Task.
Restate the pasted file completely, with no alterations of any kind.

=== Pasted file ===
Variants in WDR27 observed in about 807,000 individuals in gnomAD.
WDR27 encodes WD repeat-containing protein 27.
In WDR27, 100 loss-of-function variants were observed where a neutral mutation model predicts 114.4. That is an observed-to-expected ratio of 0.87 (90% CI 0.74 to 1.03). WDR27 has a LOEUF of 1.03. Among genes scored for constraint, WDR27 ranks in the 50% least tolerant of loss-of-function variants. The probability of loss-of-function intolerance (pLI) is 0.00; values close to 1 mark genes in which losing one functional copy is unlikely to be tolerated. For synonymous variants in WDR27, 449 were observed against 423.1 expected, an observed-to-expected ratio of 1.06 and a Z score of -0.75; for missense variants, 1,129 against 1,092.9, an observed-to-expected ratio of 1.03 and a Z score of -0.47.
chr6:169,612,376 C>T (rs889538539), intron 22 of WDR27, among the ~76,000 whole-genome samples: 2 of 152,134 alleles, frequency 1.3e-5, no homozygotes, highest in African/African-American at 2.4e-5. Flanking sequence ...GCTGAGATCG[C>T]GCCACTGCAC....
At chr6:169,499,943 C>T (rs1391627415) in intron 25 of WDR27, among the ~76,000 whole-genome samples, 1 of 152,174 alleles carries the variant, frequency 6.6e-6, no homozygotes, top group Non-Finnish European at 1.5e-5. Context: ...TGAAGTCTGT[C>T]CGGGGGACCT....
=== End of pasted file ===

Variants in WDR27 observed in about 807,000 individuals in gnomAD.
WDR27 encodes WD repeat-containing protein 27.
In WDR27, 100 loss-of-function variants were observed where a neutral mutation model predicts 114.4. That is an observed-to-expected ratio of 0.87 (90% CI 0.74 to 1.03). WDR27 has a LOEUF of 1.03. Among genes scored for constraint, WDR27 ranks in the 50% least tolerant of loss-of-function variants. The probability of loss-of-function intolerance (pLI) is 0.00; values close to 1 mark genes in which losing one functional copy is unlikely to be tolerated. For synonymous variants in WDR27, 449 were observed against 423.1 expected, an observed-to-expected ratio of 1.06 and a Z score of -0.75; for missense variants, 1,129 against 1,092.9, an observed-to-expected ratio of 1.03 and a Z score of -0.47.
chr6:169,612,376 C>T (rs889538539), intron 22 of WDR27, among the ~76,000 whole-genome samples: 2 of 152,134 alleles, frequency 1.3e-5, no homozygotes, highest in African/African-American at 2.4e-5. Flanking sequence ...GCTGAGATCG[C>T]GCCACTGCAC....
At chr6:169,499,943 C>T (rs1391627415) in intron 25 of WDR27, among the ~76,000 whole-genome samples, 1 of 152,174 alleles carries the variant, frequency 6.6e-6, no homozygotes, top group Non-Finnish European at 1.5e-5. Context: ...TGAAGTCTGT[C>T]CGGGGGACCT....